conductivity from water and the conductivity from the
sodium and chloride ions.
Figure 7 also shows how the high purity water correction works. Point 1 is the raw conductivity. The first
step is to subtract the conductivity of pure water at the
measurement temperature from the raw conductivity.
The result is point 2, the conductivity of sodium and
chloride. Next, the conductivity of sodium and chloride
4 Rosemount Analytical
is converted to the value at 25°C, point 3. Finally, the
conductivity of pure water is added to the result to give
the corrected conductivity at 25°C, point 4.
FIGURE 7. The total conductivity is the sum of the
conductivity from water and sodium chloride ions.
The large increase in the conductivity of water as
temperature increases is caused primarily by the
increased ionization of water at high temperature.
The cation conductivity temperature correction is
unique to the steam electric power industry. Cation
conductivity is a way of detecting ionic contamination
in the presence of background conductivity caused by
ammonia or neutralizing amines, which are added to
the condensate and feedwater to elevate the pH and
reduce corrosion. In cation conductivity, the amines
are removed and the ionic contaminant is converted
to the equivalent acid, for example sodium chloride is
converted to hydrochloric acid.
The cation conductivity model assumes the sample is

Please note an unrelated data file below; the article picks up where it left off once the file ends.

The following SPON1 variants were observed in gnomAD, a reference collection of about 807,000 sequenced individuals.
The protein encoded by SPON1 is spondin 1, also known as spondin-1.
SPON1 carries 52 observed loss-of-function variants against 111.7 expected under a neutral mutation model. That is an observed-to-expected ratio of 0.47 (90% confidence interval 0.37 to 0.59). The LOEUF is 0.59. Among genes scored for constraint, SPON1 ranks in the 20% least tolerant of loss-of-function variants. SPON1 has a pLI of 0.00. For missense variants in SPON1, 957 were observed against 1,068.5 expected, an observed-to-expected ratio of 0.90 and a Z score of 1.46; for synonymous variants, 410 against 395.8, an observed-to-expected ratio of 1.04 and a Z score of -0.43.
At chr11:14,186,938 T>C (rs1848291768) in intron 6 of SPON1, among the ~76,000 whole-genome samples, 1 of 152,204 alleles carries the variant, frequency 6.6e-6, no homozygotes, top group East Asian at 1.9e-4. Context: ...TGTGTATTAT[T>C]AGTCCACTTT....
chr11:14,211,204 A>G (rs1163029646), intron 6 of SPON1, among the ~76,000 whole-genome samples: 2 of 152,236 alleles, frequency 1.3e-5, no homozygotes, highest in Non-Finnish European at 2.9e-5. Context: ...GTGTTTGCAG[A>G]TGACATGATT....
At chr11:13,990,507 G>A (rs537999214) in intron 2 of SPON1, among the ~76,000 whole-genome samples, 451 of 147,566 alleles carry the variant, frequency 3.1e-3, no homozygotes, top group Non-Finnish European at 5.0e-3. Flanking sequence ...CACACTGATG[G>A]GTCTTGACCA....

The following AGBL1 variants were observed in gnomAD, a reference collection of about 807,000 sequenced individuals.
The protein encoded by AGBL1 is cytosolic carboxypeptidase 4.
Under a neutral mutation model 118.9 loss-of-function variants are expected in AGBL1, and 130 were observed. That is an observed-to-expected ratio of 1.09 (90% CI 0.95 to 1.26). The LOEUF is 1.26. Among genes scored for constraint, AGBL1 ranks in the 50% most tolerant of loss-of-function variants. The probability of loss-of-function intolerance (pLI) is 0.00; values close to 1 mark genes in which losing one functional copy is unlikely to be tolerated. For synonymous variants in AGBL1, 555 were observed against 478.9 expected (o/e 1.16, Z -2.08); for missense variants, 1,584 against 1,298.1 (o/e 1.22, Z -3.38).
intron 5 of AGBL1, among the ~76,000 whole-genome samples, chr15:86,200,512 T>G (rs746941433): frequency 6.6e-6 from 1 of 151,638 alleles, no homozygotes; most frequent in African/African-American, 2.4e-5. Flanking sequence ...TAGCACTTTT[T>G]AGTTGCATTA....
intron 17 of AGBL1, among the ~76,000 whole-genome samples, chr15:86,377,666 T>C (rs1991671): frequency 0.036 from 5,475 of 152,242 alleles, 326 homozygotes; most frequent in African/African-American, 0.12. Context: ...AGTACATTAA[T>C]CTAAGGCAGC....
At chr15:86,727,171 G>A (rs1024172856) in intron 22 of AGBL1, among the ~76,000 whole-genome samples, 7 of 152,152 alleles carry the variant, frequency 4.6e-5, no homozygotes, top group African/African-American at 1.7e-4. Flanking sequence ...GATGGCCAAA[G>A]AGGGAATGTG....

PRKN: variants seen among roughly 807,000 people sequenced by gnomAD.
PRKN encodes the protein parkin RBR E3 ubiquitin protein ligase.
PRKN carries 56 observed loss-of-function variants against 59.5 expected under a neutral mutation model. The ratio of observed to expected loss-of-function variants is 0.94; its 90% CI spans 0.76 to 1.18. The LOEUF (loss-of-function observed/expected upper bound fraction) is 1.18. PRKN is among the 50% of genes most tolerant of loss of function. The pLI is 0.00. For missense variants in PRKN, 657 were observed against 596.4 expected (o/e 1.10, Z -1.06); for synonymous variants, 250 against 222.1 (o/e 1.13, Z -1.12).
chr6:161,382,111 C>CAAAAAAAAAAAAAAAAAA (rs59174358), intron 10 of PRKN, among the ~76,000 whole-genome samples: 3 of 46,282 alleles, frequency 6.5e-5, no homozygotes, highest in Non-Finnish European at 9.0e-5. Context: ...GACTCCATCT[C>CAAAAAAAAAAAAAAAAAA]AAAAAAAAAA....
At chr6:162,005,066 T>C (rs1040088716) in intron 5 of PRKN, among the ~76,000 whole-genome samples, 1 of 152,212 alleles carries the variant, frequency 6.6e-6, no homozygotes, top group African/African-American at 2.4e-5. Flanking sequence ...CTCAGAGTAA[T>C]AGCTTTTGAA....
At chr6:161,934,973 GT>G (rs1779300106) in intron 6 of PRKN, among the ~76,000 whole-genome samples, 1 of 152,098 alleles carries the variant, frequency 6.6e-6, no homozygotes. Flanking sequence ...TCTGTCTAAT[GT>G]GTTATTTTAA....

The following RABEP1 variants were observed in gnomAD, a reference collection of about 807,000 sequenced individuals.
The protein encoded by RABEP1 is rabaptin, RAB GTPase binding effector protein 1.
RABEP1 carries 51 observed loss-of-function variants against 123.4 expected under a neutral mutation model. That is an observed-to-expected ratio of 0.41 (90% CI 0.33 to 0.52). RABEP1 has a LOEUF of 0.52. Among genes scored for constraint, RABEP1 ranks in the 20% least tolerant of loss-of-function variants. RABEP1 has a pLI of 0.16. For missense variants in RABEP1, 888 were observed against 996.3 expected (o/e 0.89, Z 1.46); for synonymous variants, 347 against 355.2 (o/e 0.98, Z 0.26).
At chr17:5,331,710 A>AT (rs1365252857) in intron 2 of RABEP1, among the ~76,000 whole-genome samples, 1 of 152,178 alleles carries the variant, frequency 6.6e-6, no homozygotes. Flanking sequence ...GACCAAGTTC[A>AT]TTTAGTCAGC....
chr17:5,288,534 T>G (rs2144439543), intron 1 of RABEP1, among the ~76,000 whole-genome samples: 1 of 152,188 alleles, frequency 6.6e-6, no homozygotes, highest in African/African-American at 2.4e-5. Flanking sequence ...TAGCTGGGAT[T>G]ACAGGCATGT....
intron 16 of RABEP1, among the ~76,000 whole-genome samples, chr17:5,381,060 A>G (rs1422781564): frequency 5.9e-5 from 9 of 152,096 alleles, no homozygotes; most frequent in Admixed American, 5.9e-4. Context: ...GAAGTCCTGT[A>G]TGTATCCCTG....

pure water contaminated with hydrochloric acid. The
correction algorithm is more complicated than the
high purity water correction because the contribution
of water to the overall conductivity depends on the
amount of acid present. Hydrochloric acid suppresses the dissociation of water, causing its contribution
to the total conductivity to change as the concentration of hydrochloric acid changes.
There are two ways to calibrate conductivity sensors.
The sensor can be calibrated against a solution of
known conductivity or it can be calibrated against a
previously calibrated sensor and analyzer. Normally,
the sensor should be calibrated at a point near the
midpoint of the operating range calibration changes
the cell constant.
Calibration against a standard solution
Calibration against a standard solution is straightforward. Place the sensor in the standard and adjust the
analyzer reading to match the known conductivity. To
eliminate temperature related errors, disable temperature compensation and calibrate using the conductivity
of the standard at the measurement temperature.
Most conductivity standards are solutions of potassium
chloride, so even if temperature and conductivity data
are not on the label, the data are readily available in
Conductivity standards are susceptible to contamination
from atmospheric carbon dioxide. Carbon dioxide
dissolves in water forming carbonic acid and increasing the conductivity by as much as 1.5 µS/cm. To
minimize contamination errors, avoid using standards
with conductivity less than about 150 µS/cm.
Figure 8 shows a graph of conductivity versus
concentration for a typical electrolyte and the range
over which concentration can be inferred from conductivity. Not all curves have the maximum shown
in the graph, but many do. Some electrolytes, for
example, sulfuric acid, have curves with two maxima.
3. Sufficient data must be available to allow a
temperature coefficient to be estimated. If the data
are not available in reference books, they must be
Calibration against a referee sensor
The best way to calibrate a process sensor against a
referee is let the process liquid flow through the